During the height of the band's popularity, Remco gave Dave Clark the big head treatment in a set which also featured the remaining members of the band. However, unlike Clark, the rest of the group was produced in smaller plastic figures that more so resembled cake toppers.

The entire band was only packaged as a one shot all or nothing deal. This is probably a good thing considering that the remaining members seemed more like an afterthought for Remco.

Today this set isn't very common, and when found typically sells for around $200.00 in the package. A complete loose set sells for around $40.00 to $60.00.

What has kept the band from making much of a resurgence is the stubbornness of Dave Clark himself. Mr. Clark owns the rights to all of the band's music, and between 1978 to 1993 he declined all opportunities to license the recordings to anyone. It wasn't until Disney met with what was considered a ridiculous agreement that he allowed a compilation CD to be released in 1993. Unfortunately the deal soon soured, and Clark backed out of the arrangement. As of 2008, a new compilations CD was made available, but to date the band's studio albums have yet to be released on CD format.


Lyndon B Johnson and Barry M. Goldwater

Remco found little to no success with a theme of political big heads that they released in 1964. Focusing on President Lyndon B. Johnson, and Senator Barry M. Goldberg, it was somewhat of a, "Kids will like this, right?" tactic from the company.

If you can find an original display case for the Lyndon B. Johnson figure, it actually has a fairly comical sales pitch on it, "Great for kids!" Hmm...Not so much, but we can imagine many grandmothers seeing this and saying, "Oh, Billy will love this. Such a nice toy." Meanwhile grandpa is standing over her shoulder shouting, "America!"

Most kids don't care about politics, and even those that do - Yeah, they're typically not looking for figures based on said folks. Heck, even for people like us who love Action figures, we're kind of on the side of , "Lame."

Lyndon B. Johnson

Barry M. Goldwater

Unlike the above The Dave Clark Five figures, and the prior discussed The Beatles line, these don't sell for too much on secondary markets. You can easily get them for between $20.00 and $25.00 mint in the package.

Join us next time when we take a look at The Krofft Superstar Series!

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Samurai X (Toycom)

Samurai X

Samurai X, or as it's known in Japan as Rurouni Kenshin (Meiji Swordsman Romantic Story) - Or るろうに剣心 -明治剣客浪漫譚, was a highly popular Manga, later adapted into a feature film in 2012 starting Takeru Satoh. The original comic book story was written and created by Nobuhiro Watsuki, and follows the life of former assassin Himura Kenshin, turned wandering samurai who protects the people of Japan with a vow to never take another life.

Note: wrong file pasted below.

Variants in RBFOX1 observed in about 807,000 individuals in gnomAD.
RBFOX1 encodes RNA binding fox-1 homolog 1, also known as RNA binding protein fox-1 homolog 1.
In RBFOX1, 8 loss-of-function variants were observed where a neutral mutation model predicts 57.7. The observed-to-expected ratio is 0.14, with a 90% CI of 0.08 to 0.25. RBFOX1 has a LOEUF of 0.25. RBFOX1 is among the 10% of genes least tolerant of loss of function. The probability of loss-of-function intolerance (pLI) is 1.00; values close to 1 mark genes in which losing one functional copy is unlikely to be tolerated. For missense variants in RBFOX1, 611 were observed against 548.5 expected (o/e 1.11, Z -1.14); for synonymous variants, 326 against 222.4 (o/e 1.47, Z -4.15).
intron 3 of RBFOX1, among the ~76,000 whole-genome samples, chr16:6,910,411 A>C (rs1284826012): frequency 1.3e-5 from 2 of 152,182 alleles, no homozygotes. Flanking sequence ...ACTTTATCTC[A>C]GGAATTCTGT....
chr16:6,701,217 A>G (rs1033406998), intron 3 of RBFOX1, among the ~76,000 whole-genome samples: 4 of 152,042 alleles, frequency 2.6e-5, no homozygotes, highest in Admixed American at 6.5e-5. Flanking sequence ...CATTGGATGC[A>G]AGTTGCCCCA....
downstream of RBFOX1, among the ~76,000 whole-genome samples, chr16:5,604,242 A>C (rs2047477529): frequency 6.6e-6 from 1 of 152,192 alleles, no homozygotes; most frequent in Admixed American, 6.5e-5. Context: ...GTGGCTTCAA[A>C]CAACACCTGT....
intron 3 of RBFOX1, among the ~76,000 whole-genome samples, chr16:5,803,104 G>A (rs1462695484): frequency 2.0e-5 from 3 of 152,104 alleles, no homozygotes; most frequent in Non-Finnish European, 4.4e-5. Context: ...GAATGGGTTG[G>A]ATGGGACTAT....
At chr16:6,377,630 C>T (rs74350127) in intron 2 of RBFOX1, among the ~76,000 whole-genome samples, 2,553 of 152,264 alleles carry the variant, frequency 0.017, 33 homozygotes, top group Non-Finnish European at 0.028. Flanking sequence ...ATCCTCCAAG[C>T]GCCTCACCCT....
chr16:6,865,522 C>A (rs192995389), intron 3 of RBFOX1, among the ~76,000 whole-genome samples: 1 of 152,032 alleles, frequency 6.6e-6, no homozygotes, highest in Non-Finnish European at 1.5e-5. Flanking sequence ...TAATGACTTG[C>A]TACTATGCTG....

When the story was first developed, it appeared in the weekly magazine, Weekly Shonen Jump. It unfolded in serial fashion, I.E. small chapters each magazine, between April 1994 to November 1999, much like many Manga style stories did - Such as Katsuhiro Otomo's 1982 story, Akira.

Toycom began producing toys in 2000 with its first line, Future Ninja. From the get go, the company was determined to export Japanese Manga style characters to the US in the form of plastic, and did so fairly regularly until 2004 when the company folded.

Its 2001 venture (as you probably could already tell from the title of this post) was Samurai X. Much like most of Toycom's lines, the series was incredibly small, confined to just four figures. A separate line of PVC style figures were produced as well, but many fans don't contribute them as part of this particular series - We won't go into those here.

 Kenshin Himura

 Kaoru Kamiya

 Hajime Saitou

Sanosuke Sagara

The figures aren't too difficult to find these days. Unfortunately the problem lies with most sellers having them priced too high to sell. The average asking price is between $20.00 and $35.00. However, most people aren't willing to pay more than $10.00 for them mint in the package. Unless you can find a seller that is willing to face facts, you're going to be playing a game of patience to get these at the best price.

Join us next time when we take a look at The Dave Clark Five!

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The Beatles (Remco)

The Beatles

Truly horrifying, or awesome vintage collectible? You be the judge.

In the 1960's Remco began producing a line of toys based on the various television and music icons of the era. Though never officially entitled as such, fans came to know it as the Big Head series. One of the first items produced were four figures based on the British rock group, The Beatles.